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Every ‘long-awaited’ strategy from the Government comes with much expectation from the sector it affects.

This is most certainly the case with the Careers Strategy, published last week. Careers education has long been criticised by employers, parents, universities and even schools themselves – so action to improve it is long overdue.

The strategy is based around four key priorities including; ensuring that every school and college has a high-quality careers programme; providing opportunities for work experience; offering tailored support to students, and utilising appropriate sources of information about jobs and careers.

These principles are undeniably sound, identifying areas that are fundamental to effective careers education. Yet, the budgets to back these initiatives do not match the scale of the task in hand – in fact they are nowhere near. There is also some development needed in terms of implementing the proposals – and how this going to be done to ensure maximum effectiveness.

Starting with the Dedicated Careers Leaders, the emphasis on these roles needs to be on understanding the current and future skills shortages ie: ensuring young people know about the careers which offer the most opportunities. These don’t tend to be based on national curriculum subjects (for example - engineering, biotech and construction) and without guidance, many children won’t know to consider them. How many 13 year olds will consider the impact of choosing or dropping a GCSE subject- how this could limit their career choices in future? How many parents know about the new career opportunities growing and emerging? Subjects and qualifications do not equate to careers.

Careers Leaders need to understand the changing jobs market. They need to know about specific sectors – like digital technology - where new roles are constantly evolving. It would also make sense for the Government’s industry reports to be shared with careers advisers within schools/colleges, so they can understand what job sectors are growing and will be expanding in the future. Why do we expect individual career advisers to source intelligence on the labour market?

The strategy highlights the importance of quality interactions between schools and businesses. The fact is that schools don’t generally have the business connections needed to administrate this. It would make sense to regionalise opportunities for young people – as some local authorities and college groups have done with industry/career fairs.  Many employers understand the importance of helping to train the next generation and as we can see from our own Career Colleges – businesses of all sizes are very willing to step up and support education.

Career Hubs are also highlighted, to be set up in the most disadvantaged areas. It is not yet clear what shape these will take, but industry-led initiatives would be the most effective. I am also a huge supporter of Youth Ambassadors, who could raise awareness of great job opportunities via apprenticeships and help inspire their peers into growing industries.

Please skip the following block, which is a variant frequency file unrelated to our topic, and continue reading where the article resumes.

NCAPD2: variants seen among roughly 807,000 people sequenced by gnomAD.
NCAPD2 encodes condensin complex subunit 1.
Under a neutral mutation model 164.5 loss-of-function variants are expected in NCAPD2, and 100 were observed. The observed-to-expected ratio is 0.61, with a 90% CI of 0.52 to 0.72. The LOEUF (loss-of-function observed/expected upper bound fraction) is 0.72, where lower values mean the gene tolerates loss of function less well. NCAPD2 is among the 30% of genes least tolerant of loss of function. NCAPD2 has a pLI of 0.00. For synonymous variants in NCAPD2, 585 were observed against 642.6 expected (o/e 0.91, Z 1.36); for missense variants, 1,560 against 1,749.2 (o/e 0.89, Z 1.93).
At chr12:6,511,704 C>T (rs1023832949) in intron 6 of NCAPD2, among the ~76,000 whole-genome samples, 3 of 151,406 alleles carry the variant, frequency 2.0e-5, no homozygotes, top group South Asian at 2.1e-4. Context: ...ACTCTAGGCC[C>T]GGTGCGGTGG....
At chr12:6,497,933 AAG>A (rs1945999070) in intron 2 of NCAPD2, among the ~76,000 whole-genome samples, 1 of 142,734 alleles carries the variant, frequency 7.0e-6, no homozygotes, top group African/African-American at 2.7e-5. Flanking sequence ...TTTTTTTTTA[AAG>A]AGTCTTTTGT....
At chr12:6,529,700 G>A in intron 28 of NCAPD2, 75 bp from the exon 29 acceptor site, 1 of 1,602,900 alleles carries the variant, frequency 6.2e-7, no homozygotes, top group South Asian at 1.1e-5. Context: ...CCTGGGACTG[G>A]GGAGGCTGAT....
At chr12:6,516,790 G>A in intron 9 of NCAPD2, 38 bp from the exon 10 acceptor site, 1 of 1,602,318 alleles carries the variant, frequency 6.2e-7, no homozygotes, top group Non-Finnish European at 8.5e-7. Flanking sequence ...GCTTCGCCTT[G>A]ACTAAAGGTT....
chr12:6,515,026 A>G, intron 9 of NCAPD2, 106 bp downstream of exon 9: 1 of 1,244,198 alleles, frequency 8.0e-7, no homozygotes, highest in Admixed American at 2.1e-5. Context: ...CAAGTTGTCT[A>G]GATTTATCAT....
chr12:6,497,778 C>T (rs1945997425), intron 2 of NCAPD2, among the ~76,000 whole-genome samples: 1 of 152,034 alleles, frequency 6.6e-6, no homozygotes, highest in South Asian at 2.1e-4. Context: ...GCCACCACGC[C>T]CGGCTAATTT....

Vitally, careers education must start young. The Government has committed £2m to help engage children in schools from an early age and raise their aspirations. This must include the breaking down of gender stereotypes. Female role models should be identified to inspire girls into STEM and other traditionally male roles.

The Baker Amendment is an important part of the new strategy – but without enforcement, it is unclear as to how effective it will be. However, we will be encouraging our Career College network to go into secondary schools, and talk to 12 and 13 year olds about the many options available to them. Colleges and training providers must put pressure on schools to ensure they are given the opportunity to go in and explain the alternative educational routes on offer

In addition, we must signpost parents (as well as young people), to ‘earn as you learn’ apprenticeship opportunities, helping to raise the esteem of technical routes. With growing graduate unemployment and rising debt, these alternative pathways are undoubtedly essential for our digital economy.

How we communicate and interact with young people is crucial, with the use of technology being key to helping millennials navigate their career choices. There is no doubt that young people will research online and app-based communication tools first, for example Rate My Apprenticeship and Rate My University. Work needs to done on collating online toolkits and guidance for students and their parents to navigate and be signposted to existing resources.

Ultimately, the ideas in this strategy are the right ones, but they need to be developed in partnership with industry and implemented effectively. To do this, the Government should consider what is already being done successfully in schools and colleges. They also need to look at existing resources and labour market information (making this accessible to all) and appreciate that parents are key to decision making by young people about their education and career options.

Ruth Gilbert, CEO of the Career Colleges Trust

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